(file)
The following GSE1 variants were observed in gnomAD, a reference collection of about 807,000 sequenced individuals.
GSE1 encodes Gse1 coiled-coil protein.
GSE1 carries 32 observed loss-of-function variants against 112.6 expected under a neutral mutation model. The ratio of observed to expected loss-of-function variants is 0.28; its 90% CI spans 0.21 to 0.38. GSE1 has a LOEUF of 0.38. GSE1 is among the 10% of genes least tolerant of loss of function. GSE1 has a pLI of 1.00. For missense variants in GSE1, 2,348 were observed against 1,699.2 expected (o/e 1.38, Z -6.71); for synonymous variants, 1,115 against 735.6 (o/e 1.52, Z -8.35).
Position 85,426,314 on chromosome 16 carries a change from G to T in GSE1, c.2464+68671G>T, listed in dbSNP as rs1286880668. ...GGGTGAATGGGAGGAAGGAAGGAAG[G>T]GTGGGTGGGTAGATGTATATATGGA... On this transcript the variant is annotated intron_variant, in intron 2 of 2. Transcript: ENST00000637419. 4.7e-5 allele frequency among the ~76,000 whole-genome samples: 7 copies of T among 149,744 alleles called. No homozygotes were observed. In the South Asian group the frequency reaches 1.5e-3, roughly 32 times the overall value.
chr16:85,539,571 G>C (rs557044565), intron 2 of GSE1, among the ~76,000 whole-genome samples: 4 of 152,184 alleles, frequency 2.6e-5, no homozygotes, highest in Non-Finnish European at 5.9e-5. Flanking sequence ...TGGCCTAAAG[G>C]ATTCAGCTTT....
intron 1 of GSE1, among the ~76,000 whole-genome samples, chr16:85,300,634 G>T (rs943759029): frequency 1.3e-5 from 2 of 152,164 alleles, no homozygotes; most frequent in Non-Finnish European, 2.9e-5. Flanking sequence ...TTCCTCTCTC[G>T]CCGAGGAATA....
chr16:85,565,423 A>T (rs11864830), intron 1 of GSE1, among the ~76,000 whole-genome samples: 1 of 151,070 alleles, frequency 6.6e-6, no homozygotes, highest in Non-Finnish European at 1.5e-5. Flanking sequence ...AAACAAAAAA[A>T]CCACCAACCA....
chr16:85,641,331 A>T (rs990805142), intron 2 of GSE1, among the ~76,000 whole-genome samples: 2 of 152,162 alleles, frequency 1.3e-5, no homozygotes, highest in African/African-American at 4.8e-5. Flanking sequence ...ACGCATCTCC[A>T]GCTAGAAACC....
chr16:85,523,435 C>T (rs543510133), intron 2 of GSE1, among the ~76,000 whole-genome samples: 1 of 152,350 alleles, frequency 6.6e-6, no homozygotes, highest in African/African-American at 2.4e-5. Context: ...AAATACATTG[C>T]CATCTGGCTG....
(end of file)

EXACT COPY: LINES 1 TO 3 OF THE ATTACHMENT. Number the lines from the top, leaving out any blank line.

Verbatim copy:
The following GSE1 variants were observed in gnomAD, a reference collection of about 807,000 sequenced individuals.
GSE1 encodes Gse1 coiled-coil protein.
GSE1 carries 32 observed loss-of-function variants against 112.6 expected under a neutral mutation model. The ratio of observed to expected loss-of-function variants is 0.28; its 90% CI spans 0.21 to 0.38. GSE1 has a LOEUF of 0.38. GSE1 is among the 10% of genes least tolerant of loss of function. GSE1 has a pLI of 1.00. For missense variants in GSE1, 2,348 were observed against 1,699.2 expected (o/e 1.38, Z -6.71); for synonymous variants, 1,115 against 735.6 (o/e 1.52, Z -8.35).